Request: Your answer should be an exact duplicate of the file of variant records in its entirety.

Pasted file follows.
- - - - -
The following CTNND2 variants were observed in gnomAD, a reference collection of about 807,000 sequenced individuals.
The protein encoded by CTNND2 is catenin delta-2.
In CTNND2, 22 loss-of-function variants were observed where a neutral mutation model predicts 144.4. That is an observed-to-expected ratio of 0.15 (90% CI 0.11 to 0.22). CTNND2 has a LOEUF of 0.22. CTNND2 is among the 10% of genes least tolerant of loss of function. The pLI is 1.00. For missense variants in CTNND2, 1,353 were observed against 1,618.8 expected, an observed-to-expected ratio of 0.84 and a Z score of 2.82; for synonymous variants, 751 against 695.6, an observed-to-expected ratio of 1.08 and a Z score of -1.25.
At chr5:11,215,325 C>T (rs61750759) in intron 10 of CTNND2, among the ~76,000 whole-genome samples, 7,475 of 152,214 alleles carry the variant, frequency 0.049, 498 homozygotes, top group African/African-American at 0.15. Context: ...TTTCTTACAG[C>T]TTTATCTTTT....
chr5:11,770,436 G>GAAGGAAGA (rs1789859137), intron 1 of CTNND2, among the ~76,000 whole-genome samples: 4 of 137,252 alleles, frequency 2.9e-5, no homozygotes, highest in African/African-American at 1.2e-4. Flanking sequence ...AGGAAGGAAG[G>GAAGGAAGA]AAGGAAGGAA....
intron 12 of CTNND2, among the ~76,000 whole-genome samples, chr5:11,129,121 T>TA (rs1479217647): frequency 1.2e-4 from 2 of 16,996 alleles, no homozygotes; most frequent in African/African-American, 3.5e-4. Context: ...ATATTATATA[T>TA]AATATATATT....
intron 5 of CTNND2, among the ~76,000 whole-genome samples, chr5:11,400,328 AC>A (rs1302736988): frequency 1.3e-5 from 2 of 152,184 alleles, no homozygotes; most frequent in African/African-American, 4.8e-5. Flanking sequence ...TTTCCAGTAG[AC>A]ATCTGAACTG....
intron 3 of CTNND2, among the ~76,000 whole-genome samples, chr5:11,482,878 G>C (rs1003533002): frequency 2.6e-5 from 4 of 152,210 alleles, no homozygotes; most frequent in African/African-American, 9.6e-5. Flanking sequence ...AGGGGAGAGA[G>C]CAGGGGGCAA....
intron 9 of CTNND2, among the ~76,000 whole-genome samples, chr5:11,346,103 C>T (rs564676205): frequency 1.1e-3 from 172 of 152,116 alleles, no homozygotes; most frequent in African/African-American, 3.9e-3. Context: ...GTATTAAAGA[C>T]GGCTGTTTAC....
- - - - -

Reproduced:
The following CTNND2 variants were observed in gnomAD, a reference collection of about 807,000 sequenced individuals.
The protein encoded by CTNND2 is catenin delta-2.
In CTNND2, 22 loss-of-function variants were observed where a neutral mutation model predicts 144.4. That is an observed-to-expected ratio of 0.15 (90% CI 0.11 to 0.22). CTNND2 has a LOEUF of 0.22. CTNND2 is among the 10% of genes least tolerant of loss of function. The pLI is 1.00. For missense variants in CTNND2, 1,353 were observed against 1,618.8 expected, an observed-to-expected ratio of 0.84 and a Z score of 2.82; for synonymous variants, 751 against 695.6, an observed-to-expected ratio of 1.08 and a Z score of -1.25.
At chr5:11,215,325 C>T (rs61750759) in intron 10 of CTNND2, among the ~76,000 whole-genome samples, 7,475 of 152,214 alleles carry the variant, frequency 0.049, 498 homozygotes, top group African/African-American at 0.15. Context: ...TTTCTTACAG[C>T]TTTATCTTTT....
chr5:11,770,436 G>GAAGGAAGA (rs1789859137), intron 1 of CTNND2, among the ~76,000 whole-genome samples: 4 of 137,252 alleles, frequency 2.9e-5, no homozygotes, highest in African/African-American at 1.2e-4. Flanking sequence ...AGGAAGGAAG[G>GAAGGAAGA]AAGGAAGGAA....
intron 12 of CTNND2, among the ~76,000 whole-genome samples, chr5:11,129,121 T>TA (rs1479217647): frequency 1.2e-4 from 2 of 16,996 alleles, no homozygotes; most frequent in African/African-American, 3.5e-4. Context: ...ATATTATATA[T>TA]AATATATATT....
intron 5 of CTNND2, among the ~76,000 whole-genome samples, chr5:11,400,328 AC>A (rs1302736988): frequency 1.3e-5 from 2 of 152,184 alleles, no homozygotes; most frequent in African/African-American, 4.8e-5. Flanking sequence ...TTTCCAGTAG[AC>A]ATCTGAACTG....
intron 3 of CTNND2, among the ~76,000 whole-genome samples, chr5:11,482,878 G>C (rs1003533002): frequency 2.6e-5 from 4 of 152,210 alleles, no homozygotes; most frequent in African/African-American, 9.6e-5. Flanking sequence ...AGGGGAGAGA[G>C]CAGGGGGCAA....
intron 9 of CTNND2, among the ~76,000 whole-genome samples, chr5:11,346,103 C>T (rs564676205): frequency 1.1e-3 from 172 of 152,116 alleles, no homozygotes; most frequent in African/African-American, 3.9e-3. Context: ...GTATTAAAGA[C>T]GGCTGTTTAC....